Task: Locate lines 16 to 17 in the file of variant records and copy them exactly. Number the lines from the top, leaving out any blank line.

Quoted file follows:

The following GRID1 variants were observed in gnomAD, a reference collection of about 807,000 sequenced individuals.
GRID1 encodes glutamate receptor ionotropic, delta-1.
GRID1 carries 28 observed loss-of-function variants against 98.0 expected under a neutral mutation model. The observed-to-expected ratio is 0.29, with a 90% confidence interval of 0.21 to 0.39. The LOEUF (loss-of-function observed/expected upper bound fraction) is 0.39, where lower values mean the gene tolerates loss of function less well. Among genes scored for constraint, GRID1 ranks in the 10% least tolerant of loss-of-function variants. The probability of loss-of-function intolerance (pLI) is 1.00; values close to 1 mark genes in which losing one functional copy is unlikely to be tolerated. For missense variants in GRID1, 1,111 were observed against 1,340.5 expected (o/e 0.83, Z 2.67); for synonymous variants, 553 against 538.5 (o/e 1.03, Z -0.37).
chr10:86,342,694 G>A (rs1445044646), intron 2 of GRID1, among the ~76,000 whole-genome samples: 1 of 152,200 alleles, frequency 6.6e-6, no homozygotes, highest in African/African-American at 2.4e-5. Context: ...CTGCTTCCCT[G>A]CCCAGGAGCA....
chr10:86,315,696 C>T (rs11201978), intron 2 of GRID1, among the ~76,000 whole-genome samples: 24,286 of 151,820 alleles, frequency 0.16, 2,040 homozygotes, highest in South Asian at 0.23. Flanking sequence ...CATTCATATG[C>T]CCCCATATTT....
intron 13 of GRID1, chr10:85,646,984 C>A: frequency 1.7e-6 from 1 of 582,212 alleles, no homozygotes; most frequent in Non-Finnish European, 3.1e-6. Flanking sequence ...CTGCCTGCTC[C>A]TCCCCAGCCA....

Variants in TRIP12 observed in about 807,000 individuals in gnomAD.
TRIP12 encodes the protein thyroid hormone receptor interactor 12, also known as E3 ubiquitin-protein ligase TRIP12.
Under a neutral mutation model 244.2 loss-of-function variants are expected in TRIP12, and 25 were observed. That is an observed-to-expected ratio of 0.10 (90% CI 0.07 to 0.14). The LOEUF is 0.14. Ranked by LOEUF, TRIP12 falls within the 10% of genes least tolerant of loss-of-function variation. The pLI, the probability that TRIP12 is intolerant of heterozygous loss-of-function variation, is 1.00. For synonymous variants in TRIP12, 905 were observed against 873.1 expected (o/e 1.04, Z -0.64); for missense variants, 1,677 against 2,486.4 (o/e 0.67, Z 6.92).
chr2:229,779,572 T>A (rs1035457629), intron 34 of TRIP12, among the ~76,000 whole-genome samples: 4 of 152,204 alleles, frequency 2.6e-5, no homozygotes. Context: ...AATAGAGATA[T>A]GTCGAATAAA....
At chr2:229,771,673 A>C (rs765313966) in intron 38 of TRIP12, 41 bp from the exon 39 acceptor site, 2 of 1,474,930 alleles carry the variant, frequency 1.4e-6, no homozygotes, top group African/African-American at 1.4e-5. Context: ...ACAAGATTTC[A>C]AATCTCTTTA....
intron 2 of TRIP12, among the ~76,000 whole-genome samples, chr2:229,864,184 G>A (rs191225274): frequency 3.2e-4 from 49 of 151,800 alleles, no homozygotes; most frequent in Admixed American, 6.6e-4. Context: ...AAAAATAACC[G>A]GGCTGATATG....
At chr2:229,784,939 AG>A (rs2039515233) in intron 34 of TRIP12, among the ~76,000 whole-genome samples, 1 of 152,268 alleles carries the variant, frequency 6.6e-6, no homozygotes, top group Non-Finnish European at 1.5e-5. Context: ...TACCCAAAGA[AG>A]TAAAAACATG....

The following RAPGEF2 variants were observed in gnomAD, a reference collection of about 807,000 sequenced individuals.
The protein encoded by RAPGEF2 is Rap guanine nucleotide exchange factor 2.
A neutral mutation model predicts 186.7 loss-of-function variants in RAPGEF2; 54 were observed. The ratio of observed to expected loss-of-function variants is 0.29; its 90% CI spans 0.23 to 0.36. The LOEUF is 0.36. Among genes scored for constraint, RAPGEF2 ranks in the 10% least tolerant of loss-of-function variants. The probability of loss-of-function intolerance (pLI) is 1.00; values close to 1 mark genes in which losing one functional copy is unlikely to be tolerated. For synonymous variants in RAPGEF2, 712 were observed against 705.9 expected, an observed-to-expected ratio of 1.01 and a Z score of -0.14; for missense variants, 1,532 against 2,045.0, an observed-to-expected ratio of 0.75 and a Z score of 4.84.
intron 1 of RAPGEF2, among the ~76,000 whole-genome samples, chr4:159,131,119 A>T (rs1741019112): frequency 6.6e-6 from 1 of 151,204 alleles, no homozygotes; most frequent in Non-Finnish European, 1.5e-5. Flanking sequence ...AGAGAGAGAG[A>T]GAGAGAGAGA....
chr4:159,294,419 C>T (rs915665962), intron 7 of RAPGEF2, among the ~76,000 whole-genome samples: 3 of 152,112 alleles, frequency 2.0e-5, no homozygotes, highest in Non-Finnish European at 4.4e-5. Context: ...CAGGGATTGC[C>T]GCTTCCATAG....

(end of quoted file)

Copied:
A neutral mutation model predicts 186.7 loss-of-function variants in RAPGEF2; 54 were observed. The ratio of observed to expected loss-of-function variants is 0.29; its 90% CI spans 0.23 to 0.36. The LOEUF is 0.36. Among genes scored for constraint, RAPGEF2 ranks in the 10% least tolerant of loss-of-function variants. The probability of loss-of-function intolerance (pLI) is 1.00; values close to 1 mark genes in which losing one functional copy is unlikely to be tolerated. For synonymous variants in RAPGEF2, 712 were observed against 705.9 expected, an observed-to-expected ratio of 1.01 and a Z score of -0.14; for missense variants, 1,532 against 2,045.0, an observed-to-expected ratio of 0.75 and a Z score of 4.84.
intron 1 of RAPGEF2, among the ~76,000 whole-genome samples, chr4:159,131,119 A>T (rs1741019112): frequency 6.6e-6 from 1 of 151,204 alleles, no homozygotes; most frequent in Non-Finnish European, 1.5e-5. Flanking sequence ...AGAGAGAGAG[A>T]GAGAGAGAGA....